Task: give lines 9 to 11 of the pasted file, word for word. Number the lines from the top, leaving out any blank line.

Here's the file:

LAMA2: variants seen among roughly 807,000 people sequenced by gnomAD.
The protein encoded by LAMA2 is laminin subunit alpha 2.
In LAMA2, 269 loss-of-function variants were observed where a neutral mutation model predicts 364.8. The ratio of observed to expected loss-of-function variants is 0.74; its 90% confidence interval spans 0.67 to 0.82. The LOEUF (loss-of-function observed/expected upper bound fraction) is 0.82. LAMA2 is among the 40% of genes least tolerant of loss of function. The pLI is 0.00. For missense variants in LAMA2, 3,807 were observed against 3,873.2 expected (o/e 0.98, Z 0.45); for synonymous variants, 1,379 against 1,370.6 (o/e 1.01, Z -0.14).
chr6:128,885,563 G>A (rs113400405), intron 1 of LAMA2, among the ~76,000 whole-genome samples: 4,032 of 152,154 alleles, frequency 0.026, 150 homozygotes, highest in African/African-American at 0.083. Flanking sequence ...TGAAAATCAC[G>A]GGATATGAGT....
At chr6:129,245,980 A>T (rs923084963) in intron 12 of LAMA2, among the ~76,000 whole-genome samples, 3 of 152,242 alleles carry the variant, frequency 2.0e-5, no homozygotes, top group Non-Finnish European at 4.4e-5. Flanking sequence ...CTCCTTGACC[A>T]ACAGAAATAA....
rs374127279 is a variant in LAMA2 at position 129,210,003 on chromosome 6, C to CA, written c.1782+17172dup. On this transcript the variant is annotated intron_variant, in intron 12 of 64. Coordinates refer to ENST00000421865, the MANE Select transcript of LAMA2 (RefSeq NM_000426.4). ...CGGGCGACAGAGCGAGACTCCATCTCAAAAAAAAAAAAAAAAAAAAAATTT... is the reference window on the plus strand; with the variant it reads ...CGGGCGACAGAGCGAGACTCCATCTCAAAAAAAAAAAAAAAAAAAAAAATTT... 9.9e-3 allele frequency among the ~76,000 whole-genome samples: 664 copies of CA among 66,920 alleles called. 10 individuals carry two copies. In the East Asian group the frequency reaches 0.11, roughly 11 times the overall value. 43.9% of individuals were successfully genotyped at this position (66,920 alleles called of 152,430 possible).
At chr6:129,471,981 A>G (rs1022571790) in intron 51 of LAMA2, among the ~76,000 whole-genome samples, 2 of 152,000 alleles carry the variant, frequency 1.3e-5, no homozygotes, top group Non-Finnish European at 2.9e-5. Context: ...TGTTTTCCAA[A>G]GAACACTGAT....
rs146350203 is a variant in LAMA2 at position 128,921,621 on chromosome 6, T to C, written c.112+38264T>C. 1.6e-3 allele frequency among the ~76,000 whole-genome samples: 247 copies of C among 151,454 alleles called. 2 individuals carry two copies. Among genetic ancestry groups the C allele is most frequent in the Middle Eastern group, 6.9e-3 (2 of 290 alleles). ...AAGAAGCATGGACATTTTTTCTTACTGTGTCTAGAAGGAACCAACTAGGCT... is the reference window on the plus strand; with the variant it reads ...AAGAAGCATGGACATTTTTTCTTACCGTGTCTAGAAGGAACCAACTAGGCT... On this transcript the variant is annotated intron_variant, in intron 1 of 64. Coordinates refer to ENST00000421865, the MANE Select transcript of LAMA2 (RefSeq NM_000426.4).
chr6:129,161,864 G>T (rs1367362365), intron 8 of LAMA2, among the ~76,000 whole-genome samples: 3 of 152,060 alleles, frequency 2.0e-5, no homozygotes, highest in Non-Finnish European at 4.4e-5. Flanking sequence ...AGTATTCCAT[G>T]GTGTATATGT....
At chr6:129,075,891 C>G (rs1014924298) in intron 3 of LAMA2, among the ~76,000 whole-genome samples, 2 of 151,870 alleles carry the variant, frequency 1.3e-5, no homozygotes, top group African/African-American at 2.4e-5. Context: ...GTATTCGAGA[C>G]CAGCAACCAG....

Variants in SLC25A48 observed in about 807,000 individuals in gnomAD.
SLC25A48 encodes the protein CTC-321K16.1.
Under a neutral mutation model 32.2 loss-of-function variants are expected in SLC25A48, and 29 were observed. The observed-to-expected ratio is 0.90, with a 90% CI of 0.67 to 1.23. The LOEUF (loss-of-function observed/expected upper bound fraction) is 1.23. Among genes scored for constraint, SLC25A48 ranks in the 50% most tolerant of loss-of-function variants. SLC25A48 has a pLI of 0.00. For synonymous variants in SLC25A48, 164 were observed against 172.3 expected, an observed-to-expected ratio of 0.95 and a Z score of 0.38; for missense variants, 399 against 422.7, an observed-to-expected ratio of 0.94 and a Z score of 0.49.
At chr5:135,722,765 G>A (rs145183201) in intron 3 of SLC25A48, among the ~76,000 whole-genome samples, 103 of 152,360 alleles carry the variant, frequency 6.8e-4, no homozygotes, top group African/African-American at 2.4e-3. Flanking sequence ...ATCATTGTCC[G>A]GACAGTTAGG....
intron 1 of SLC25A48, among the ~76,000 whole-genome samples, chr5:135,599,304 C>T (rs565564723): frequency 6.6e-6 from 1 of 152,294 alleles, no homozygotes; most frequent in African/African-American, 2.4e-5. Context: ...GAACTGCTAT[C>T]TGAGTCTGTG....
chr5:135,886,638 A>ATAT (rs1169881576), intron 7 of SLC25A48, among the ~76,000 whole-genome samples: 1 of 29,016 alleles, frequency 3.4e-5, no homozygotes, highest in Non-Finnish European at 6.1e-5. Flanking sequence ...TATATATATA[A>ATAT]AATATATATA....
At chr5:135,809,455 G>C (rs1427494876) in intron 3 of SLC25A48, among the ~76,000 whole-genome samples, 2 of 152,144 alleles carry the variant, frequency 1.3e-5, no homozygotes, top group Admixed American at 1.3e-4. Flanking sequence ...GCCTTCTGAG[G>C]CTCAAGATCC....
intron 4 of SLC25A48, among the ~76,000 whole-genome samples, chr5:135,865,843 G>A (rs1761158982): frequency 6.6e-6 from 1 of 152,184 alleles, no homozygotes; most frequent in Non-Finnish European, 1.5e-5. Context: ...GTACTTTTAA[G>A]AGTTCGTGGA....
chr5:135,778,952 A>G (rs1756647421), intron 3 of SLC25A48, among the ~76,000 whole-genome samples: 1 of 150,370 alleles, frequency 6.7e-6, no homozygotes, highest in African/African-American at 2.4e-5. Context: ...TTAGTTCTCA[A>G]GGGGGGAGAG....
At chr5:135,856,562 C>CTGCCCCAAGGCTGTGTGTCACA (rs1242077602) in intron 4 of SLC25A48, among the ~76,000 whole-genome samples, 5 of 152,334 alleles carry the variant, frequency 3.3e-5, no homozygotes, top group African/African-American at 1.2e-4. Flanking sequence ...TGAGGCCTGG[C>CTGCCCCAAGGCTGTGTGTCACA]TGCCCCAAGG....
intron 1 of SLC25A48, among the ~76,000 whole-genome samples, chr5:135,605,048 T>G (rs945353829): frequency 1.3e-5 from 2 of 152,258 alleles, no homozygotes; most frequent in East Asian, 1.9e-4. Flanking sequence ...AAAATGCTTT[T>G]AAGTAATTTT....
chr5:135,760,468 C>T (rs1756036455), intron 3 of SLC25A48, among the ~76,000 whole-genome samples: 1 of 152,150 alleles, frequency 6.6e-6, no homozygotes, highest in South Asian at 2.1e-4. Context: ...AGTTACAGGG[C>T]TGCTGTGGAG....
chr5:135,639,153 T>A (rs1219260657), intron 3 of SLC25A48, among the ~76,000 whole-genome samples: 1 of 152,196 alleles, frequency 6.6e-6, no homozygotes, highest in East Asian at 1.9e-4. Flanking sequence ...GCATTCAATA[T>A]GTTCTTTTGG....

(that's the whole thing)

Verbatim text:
chr6:129,161,864 G>T (rs1367362365), intron 8 of LAMA2, among the ~76,000 whole-genome samples: 3 of 152,060 alleles, frequency 2.0e-5, no homozygotes, highest in Non-Finnish European at 4.4e-5. Flanking sequence ...AGTATTCCAT[G>T]GTGTATATGT....
At chr6:129,075,891 C>G (rs1014924298) in intron 3 of LAMA2, among the ~76,000 whole-genome samples, 2 of 151,870 alleles carry the variant, frequency 1.3e-5, no homozygotes, top group African/African-American at 2.4e-5. Context: ...GTATTCGAGA[C>G]CAGCAACCAG....

Variants in SLC25A48 observed in about 807,000 individuals in gnomAD.